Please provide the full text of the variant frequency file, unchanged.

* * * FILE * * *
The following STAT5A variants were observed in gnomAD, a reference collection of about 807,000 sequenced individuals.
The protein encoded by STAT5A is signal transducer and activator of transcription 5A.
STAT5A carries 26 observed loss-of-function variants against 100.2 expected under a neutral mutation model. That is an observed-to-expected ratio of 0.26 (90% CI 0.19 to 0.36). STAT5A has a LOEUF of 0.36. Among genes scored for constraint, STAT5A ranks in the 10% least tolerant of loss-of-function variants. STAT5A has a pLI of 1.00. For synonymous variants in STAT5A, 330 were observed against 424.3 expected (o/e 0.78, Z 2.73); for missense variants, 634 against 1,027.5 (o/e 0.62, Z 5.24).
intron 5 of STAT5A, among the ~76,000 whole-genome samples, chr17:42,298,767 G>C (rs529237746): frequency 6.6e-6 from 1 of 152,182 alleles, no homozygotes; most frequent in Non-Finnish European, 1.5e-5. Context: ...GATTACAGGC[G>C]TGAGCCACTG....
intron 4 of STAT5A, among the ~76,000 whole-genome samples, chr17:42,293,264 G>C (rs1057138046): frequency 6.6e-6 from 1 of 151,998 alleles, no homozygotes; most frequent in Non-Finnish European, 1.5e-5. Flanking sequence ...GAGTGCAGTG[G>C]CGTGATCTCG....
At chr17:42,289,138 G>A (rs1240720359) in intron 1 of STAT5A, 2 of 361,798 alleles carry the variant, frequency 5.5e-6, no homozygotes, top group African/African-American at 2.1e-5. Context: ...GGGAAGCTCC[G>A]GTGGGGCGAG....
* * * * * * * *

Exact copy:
The following STAT5A variants were observed in gnomAD, a reference collection of about 807,000 sequenced individuals.
The protein encoded by STAT5A is signal transducer and activator of transcription 5A.
STAT5A carries 26 observed loss-of-function variants against 100.2 expected under a neutral mutation model. That is an observed-to-expected ratio of 0.26 (90% CI 0.19 to 0.36). STAT5A has a LOEUF of 0.36. Among genes scored for constraint, STAT5A ranks in the 10% least tolerant of loss-of-function variants. STAT5A has a pLI of 1.00. For synonymous variants in STAT5A, 330 were observed against 424.3 expected (o/e 0.78, Z 2.73); for missense variants, 634 against 1,027.5 (o/e 0.62, Z 5.24).
intron 5 of STAT5A, among the ~76,000 whole-genome samples, chr17:42,298,767 G>C (rs529237746): frequency 6.6e-6 from 1 of 152,182 alleles, no homozygotes; most frequent in Non-Finnish European, 1.5e-5. Context: ...GATTACAGGC[G>C]TGAGCCACTG....
intron 4 of STAT5A, among the ~76,000 whole-genome samples, chr17:42,293,264 G>C (rs1057138046): frequency 6.6e-6 from 1 of 151,998 alleles, no homozygotes; most frequent in Non-Finnish European, 1.5e-5. Flanking sequence ...GAGTGCAGTG[G>C]CGTGATCTCG....
At chr17:42,289,138 G>A (rs1240720359) in intron 1 of STAT5A, 2 of 361,798 alleles carry the variant, frequency 5.5e-6, no homozygotes, top group African/African-American at 2.1e-5. Context: ...GGGAAGCTCC[G>A]GTGGGGCGAG....